AS the Christmas break offers time to catch up on a good book, here are ten titles by Irish authors, published in 2019, that could be a perfect fit for your stocking…
Arise And Go - W.B. Yeats and the people and places that inspired him, by Kevin Connolly. O’Brien Press. £15.99.
In Arise and Go, author Kevin Connolly looks at the people and places that inspired W.B. Yeats.
It covers everything – form his first home in Sandymount, to the suburbs of London, to Howth and the Georgian squares of Dublin, the Abbey Theatre and its Celtic revival, to Glendalough, the wilds of County Galway and Coole Park, Thoor Ballylee, Frenchpark, Lough Key in Roscommon, and, of course, Sligo.
Connolly’s impressive tome introsuces us to the great poet’s family, friends, lovers and cultural icons who helped embroider the cloth of Yeats’s poetic gift.
We met poet’s father, the artist John Butler Yeats, his mother, Susan, their children: the poet Willie; Lily and Lolly, guiding lights in the Irish Arts and Crafts movement of the early twentieth century; Jack, the renowned painter.
Maud Gonne, William Morris, John O’Leary, Katharine Tynan, Madame Blavatsky, George Moore, Oscar Wilde, Lady Gregory, Douglas Hyde, George Hyde-Lees and other key figures who inspired the great poet on his path all feature too.
The author grew up in Bailieborough, Co. Cavan, where, among the drumlins, he discovered the poetry of W.B. Yeats. He opened The Winding Stair Bookshop and Café on Dublin’s quays in 1982, which he owned until 2006. He lived in Indianapolis, Indiana, for twelve years before returning to Ireland where he now lives in Co. Sligo in his own ‘bee-loud’ glade.
Noel Cunningham’s Guide to Modern Irish Manners, by Noel Cunningham. O’Brien Press. £15.99
Society has changed dramatically.
We live in an increasingly informal world and we have, in many ways, become disrespectful of rules and have no time for the old order and taboos.
Authority and the grace of age, two important pillars of etiquette, are no longer regarded.
With his infectious charm and sharp wit Noel Cunningham shares with you his tips on sailing through life’s events, enabling people to be themselves, while solving the thorny issues of which fork to use, who goes through a door first, how to attend an important interview. The correct way of doing those things will become clear. Thank you, Noel.
Cork Harbour, by Cal McCarthy. Merrion Press. £24.99
Written by esteemed Cork historian Cal McCarthy and colour illustrated throughout with new and archival images, Cork Harbour examines all the interacting aspects of the harbour’s history and its diverse activities – the military, commerce, migration and shipbuilding – outlining not only the events that shaped the harbour’s rich history, but the complex context in which those events occurred.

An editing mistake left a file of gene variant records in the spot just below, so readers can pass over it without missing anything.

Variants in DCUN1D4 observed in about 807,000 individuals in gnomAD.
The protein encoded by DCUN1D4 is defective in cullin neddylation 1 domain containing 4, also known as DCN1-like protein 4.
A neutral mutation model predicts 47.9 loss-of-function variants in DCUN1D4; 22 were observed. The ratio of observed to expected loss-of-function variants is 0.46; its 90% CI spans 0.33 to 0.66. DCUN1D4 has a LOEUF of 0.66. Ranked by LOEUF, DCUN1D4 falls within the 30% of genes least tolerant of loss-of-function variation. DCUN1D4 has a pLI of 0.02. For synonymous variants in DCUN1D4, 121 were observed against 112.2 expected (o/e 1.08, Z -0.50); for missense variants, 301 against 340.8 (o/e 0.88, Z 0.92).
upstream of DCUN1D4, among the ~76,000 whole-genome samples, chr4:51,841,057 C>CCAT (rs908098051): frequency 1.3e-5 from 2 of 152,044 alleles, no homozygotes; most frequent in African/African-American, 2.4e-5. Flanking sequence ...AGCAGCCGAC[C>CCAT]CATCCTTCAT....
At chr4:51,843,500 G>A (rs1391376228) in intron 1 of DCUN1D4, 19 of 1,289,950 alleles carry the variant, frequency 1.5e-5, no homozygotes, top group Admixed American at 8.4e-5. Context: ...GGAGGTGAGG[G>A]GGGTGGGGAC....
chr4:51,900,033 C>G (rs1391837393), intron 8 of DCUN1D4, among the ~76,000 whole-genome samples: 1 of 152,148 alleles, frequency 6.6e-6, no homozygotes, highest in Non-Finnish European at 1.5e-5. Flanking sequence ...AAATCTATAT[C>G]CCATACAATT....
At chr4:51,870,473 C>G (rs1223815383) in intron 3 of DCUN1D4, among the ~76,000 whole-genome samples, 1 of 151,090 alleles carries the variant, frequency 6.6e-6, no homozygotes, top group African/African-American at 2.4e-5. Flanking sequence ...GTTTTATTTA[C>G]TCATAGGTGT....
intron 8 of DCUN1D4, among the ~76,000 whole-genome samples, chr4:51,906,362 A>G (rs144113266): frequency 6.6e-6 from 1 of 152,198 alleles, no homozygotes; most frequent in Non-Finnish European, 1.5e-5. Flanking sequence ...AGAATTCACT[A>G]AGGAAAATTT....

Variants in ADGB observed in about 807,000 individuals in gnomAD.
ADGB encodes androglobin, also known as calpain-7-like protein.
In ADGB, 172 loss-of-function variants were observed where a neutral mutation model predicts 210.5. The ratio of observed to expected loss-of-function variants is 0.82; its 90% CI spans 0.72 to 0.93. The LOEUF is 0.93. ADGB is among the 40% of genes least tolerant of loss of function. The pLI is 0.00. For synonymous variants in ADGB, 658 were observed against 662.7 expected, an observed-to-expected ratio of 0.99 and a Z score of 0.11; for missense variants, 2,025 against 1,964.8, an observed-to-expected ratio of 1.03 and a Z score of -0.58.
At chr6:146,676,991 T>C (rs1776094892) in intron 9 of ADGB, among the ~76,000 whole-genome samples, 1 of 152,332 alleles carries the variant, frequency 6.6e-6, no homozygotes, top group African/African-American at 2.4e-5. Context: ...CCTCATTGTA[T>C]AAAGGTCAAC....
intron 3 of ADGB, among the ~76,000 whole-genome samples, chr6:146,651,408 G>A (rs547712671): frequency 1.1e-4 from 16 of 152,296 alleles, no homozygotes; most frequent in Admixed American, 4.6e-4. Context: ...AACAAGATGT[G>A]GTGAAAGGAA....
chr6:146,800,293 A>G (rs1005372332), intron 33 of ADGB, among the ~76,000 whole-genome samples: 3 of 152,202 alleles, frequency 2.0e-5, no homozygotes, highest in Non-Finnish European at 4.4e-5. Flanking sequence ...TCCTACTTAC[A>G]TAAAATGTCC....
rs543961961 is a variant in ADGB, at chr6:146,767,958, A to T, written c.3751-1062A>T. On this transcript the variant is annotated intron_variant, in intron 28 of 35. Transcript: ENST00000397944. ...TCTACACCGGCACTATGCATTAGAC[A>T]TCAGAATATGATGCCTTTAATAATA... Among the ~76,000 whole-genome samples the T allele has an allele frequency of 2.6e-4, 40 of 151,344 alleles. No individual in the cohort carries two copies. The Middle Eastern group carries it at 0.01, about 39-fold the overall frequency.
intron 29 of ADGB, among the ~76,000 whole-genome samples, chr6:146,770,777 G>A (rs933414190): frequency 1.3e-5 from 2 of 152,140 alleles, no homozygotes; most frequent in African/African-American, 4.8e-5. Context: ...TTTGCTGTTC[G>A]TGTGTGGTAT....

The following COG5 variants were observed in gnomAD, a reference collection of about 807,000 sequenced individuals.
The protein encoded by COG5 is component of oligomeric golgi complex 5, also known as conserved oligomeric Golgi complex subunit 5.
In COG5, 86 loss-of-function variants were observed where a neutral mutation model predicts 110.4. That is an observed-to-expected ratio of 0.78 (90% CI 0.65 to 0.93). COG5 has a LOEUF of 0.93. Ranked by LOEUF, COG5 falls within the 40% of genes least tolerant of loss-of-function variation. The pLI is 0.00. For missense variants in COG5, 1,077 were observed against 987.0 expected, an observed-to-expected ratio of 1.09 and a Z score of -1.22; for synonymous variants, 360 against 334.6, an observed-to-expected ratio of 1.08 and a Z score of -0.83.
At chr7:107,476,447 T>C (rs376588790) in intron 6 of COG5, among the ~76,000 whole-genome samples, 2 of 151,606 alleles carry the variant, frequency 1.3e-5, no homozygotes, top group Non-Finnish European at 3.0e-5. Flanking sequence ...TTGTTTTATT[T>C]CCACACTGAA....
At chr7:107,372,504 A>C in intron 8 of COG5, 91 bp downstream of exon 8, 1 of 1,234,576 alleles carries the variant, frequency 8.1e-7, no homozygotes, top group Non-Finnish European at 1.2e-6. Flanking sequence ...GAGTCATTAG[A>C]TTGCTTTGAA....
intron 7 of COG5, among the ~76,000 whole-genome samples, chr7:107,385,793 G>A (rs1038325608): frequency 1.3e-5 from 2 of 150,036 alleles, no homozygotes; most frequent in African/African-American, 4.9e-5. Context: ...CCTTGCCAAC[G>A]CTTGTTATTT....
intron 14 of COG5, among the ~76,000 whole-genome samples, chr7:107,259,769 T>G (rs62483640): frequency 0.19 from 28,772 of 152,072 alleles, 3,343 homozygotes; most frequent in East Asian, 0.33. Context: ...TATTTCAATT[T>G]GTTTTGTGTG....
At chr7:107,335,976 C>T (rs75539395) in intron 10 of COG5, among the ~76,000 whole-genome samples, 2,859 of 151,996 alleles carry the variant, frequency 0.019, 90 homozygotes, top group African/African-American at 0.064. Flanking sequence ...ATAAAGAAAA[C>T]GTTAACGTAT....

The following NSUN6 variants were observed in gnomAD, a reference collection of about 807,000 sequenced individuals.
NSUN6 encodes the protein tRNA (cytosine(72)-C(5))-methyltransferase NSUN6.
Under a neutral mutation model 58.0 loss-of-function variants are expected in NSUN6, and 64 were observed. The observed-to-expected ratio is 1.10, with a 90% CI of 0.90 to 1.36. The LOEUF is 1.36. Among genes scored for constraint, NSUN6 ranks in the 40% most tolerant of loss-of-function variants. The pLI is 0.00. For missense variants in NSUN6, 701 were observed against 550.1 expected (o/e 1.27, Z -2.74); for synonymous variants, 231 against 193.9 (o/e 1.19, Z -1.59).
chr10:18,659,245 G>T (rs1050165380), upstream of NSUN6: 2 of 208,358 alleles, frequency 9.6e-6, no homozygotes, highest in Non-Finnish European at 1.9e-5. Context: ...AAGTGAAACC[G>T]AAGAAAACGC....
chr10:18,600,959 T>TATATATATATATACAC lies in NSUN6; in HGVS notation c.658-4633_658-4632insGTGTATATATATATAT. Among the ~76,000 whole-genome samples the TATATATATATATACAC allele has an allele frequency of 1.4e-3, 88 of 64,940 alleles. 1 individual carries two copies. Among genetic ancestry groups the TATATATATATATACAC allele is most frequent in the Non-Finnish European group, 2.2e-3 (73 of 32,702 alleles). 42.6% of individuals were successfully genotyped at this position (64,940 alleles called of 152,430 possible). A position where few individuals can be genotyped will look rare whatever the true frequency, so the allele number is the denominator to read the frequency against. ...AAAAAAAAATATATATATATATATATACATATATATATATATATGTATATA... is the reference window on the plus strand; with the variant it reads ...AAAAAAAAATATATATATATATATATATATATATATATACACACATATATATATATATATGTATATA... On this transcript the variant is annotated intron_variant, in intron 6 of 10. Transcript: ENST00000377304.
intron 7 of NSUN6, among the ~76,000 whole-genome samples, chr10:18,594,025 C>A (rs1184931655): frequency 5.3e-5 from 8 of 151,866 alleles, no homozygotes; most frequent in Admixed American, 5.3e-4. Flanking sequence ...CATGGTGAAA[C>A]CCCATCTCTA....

The Harbour’s association with the ill-fated Titanic and Lusitania ensure its place in world maritime history.
While such tragedies are heavily documented, the story of the modern evolution of the second-largest natural harbour in the world and its trade has received less attention.
From its military role during the French and American Revolutionary eras, to the emigration ships of the 19th century, and the convict transports to the southern hemisphere, Cork Harbour has played a huge role in key national and international events throughout history. The Royal Navy’s long and extensive association with Cork – born of the necessity to protect trade in a growing world of ever-expanding ships and increasingly global enterprise – makes it unique among Irish harbours.
McCarthy, who studied history and economics at University College Cork before going on to work as a civil servant, has worked in the Department of Transport, the Department of Arts Heritage and Gaeltacht, and Cork County Council.
Tangled Up in Blue – The Rise and Fall of Rangers FC, by Stephen O’Donnell. Pitch Publishing. £19.99.
If the wider, football-conscious world is aware of just two things about Scottish football, they are surely as follows: firstly, that there is a virulent rivalry in Glasgow between the city's two great teams, Rangers and Celtic, based on a religious divide; and secondly, that Rangers recently suffered a catastrophic financial collapse, which ultimately led to the club's insolvency.
Split into two separate, but closely linked, sections, Tangled Up in Blue: The Rise and Fall of Rangers FC gives the full account of both of these stories.
Author Stephen O'Donnell explores how Rangers first became associated with hard-line Protestantism, dominating Scottish football for decades without ever knowingly signing a Catholic footballer, until the feted arrival of Maurice Johnston at Ibrox in 1989.
He then switches focus to the club's financial affairs, as Rangers' unsustainable spending brought the club to the brink of collapse and, despite the hidden benefits of an illegal tax avoidance scheme, resulted in its liquidation.
O'Donnell was born and lives in Glasgow. His first novel Paradise Road was published by Ringwood in October 2012; his second book, Scotball was published in December 2014. Recently he has turned to non-fiction and Tangled up in Blue; The Rise and Fall of Rangers FC was published by Pitch in August 2019.
Dare to Dream – Irish people who took on the world and won, by Sarah Webb. O’Brien Press. £14.99.
Adventurers, explorers, inventors, dreamers....for a small country Irish people have had a huge impact internationally.